#154 Satisfaction with the diet increased week by week.

#189 … their good feelings about being on the diet … increased week by week.  – Krista Varady
QUOTE “Satisfaction with the diet increased week by week. Meanwhile, over the eight weeks of the study, satisfaction with the Every-Other-Day Diet went up and up. Using the same 0 to 100 scale, the study participants reported a satisfaction level of 35 in the first weeks of the diet, but a satisfaction level of 50 by week eight. In other words, their good feelings about being on the diet—and no doubt their pride in the results as pounds kept peeling off—increased week by week. I’m pretty sure you’ll have the same experience.” [1]
QUOTE “Tip 3: Count Your Calories—Not! One of the wonderful features of the Every-Other-Day Diet is that it’s incredibly easy to follow: all you do is eat 500 calories on Diet Day and whatever you want on Feast Day. I’ve never talked to a single person who really likes calorie counting, even with the new smartphone apps that make the process a little easier, like Lose It! or MyFitness Pal.” [2]
QUOTE “We prepared the foods for both groups, to guarantee their fat content. The results: The folks eating high-fat foods on Diet Day lost MORE weight than those eating a low-fat diet! That’s right: after eight weeks on the diet, those eating high-fat foods had lost more weight than those eating low-fat food—9.5 pounds, compared to 8.2 pounds. They had trimmer tummies. Both low- and high-fat groups trimmed nearly 3 inches off their waistlines. Dietary fat didn’t make anybody fatter. They had healthier hearts. Both groups had healthy decreases in total cholesterol, LDL cholesterol, and triglycerides. My scientific conclusion: “An alternate-day fasting/high-fat diet is equally effective as an alternate-day fasting/low-fat diet in helping obese subjects lose weight and improve coronary heart disease risk factors,” I wrote in the journal Metabolism. Why did the people eating a high-fat diet lose more weight? Well, they were slightly less likely to go off the diet on Diet Day, cheating 13% of the time, compared to 22% for the low-fat dieters. And I think it’s likely they stuck to the diet because it was high-fat and therefore more enjoyable and satisfying. Bottom line: The Every-Other-Day Diet works even if you eat high-fat foods on Diet Day. When it comes to weight loss, it’s not fat that makes the difference. Or carbohydrates. Or protein. It’s calories. Stick to the 500-calorie limit on Diet Day and you will lose weight.” [3]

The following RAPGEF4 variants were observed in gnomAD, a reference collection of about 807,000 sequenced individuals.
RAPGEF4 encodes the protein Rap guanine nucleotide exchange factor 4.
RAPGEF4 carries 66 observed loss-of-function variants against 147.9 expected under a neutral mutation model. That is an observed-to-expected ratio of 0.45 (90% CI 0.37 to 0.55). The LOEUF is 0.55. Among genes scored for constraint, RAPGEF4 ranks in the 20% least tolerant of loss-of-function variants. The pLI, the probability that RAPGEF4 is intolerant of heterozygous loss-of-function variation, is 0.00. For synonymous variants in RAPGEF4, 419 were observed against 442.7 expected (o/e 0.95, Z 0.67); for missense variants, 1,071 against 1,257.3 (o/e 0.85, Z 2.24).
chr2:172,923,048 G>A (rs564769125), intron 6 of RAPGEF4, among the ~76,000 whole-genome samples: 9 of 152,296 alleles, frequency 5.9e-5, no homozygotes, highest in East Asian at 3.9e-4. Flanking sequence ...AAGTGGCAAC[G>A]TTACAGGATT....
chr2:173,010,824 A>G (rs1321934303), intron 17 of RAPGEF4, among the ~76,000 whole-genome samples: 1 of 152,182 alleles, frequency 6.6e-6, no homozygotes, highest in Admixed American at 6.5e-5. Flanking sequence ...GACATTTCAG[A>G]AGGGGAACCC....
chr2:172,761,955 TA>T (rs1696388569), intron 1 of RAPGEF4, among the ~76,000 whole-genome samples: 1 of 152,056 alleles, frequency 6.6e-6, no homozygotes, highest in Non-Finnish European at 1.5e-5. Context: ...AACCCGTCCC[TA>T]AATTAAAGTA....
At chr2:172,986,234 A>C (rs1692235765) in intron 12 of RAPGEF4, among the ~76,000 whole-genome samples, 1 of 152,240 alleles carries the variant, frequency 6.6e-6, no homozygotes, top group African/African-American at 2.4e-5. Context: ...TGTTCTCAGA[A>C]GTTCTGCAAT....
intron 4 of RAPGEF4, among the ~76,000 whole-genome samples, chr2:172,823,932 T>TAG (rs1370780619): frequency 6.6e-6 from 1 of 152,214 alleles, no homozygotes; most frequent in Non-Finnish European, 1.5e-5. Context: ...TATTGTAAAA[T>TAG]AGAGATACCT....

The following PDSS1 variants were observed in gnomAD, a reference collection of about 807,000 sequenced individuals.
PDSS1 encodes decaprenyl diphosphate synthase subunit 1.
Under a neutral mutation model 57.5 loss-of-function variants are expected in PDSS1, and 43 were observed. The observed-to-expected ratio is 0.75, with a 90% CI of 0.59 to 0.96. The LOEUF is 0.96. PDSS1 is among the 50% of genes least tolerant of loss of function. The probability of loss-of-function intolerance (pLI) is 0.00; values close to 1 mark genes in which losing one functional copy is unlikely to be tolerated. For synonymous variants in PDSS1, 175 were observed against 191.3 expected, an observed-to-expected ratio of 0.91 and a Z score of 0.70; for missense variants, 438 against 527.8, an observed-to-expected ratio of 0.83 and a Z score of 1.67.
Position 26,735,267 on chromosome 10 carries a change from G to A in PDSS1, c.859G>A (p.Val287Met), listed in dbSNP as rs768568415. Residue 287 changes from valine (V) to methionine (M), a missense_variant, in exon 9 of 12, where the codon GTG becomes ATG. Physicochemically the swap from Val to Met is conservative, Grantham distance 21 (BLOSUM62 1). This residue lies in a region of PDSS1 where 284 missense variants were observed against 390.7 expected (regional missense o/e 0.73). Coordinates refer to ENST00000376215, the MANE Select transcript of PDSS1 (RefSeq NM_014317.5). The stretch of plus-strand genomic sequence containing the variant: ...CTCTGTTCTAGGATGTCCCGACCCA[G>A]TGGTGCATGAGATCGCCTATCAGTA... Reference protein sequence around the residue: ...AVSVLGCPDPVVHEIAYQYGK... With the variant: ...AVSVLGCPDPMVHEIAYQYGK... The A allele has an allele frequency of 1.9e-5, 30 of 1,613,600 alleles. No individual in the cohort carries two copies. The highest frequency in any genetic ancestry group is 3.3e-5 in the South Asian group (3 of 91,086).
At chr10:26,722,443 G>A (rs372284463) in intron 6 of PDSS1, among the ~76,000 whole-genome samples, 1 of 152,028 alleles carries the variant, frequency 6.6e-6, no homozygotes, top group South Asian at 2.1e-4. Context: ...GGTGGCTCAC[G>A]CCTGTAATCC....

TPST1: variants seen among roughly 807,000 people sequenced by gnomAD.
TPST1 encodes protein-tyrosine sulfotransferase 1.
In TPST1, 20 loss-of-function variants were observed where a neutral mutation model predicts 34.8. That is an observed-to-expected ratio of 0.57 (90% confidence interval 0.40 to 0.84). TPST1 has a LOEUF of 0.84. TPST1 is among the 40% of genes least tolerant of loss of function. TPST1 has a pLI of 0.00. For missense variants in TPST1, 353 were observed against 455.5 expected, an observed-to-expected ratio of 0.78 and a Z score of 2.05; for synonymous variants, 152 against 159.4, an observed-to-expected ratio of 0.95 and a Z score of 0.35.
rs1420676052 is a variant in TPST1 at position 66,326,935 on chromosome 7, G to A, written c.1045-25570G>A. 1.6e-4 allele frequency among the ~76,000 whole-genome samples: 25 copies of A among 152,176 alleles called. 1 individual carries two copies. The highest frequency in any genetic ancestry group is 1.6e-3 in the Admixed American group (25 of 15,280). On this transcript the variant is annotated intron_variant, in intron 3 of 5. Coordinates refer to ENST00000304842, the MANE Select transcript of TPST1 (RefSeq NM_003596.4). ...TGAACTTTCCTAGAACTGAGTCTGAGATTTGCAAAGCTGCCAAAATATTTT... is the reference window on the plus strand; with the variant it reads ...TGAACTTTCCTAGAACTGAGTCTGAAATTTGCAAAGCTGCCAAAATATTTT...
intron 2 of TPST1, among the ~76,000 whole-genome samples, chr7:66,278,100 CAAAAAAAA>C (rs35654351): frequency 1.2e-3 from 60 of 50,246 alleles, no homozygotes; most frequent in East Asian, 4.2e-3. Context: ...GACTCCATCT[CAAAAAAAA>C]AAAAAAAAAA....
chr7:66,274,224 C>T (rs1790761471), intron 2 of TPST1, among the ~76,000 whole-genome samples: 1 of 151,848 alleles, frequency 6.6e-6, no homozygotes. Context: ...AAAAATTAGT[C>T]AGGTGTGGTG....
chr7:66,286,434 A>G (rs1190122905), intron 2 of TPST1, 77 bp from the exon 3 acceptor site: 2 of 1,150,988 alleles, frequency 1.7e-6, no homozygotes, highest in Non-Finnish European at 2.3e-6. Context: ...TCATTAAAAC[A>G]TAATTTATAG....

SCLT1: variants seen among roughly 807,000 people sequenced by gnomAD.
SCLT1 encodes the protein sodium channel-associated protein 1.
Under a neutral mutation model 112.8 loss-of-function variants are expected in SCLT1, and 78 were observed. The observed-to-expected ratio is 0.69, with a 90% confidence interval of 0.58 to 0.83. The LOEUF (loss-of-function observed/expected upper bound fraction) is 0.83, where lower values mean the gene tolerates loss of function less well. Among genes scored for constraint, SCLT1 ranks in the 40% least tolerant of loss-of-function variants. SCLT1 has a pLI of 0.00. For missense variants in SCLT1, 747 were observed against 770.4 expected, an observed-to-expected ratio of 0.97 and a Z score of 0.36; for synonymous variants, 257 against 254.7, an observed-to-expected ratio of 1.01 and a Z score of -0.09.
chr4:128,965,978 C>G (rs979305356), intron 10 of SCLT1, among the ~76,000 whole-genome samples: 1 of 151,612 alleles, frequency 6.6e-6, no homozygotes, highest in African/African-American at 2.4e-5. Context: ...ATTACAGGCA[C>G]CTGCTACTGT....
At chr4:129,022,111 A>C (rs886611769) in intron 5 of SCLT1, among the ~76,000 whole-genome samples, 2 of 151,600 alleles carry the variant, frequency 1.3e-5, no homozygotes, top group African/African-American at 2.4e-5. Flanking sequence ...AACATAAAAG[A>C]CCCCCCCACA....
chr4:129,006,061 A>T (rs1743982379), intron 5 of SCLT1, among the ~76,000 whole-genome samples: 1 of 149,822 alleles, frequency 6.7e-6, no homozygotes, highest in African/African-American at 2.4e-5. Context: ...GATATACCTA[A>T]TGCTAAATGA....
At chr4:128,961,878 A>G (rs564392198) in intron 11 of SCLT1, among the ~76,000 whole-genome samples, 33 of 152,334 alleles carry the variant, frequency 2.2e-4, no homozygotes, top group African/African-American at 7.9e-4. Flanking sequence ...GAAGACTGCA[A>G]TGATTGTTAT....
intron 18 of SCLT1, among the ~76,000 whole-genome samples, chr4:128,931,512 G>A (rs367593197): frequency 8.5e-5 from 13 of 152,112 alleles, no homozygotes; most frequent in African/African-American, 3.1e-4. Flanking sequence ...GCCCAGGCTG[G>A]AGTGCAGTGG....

NOTE – What does it say?

My takeaway: 

What gets your attention?
What human needs or problems are addressed?
What questions do you have?
What solution or hope does it offer?

What does it say that we need to obey?
What would a camera see if this happened?
Who needs to hear this?
What are the actual steps that I would take?

[1] Quote from “The Every-Other-Day Diet: The Diet That Lets You Eat All You Want (Half the Time) and Keep the Weight Off” by Krista Varady and Bill Gottlieb.

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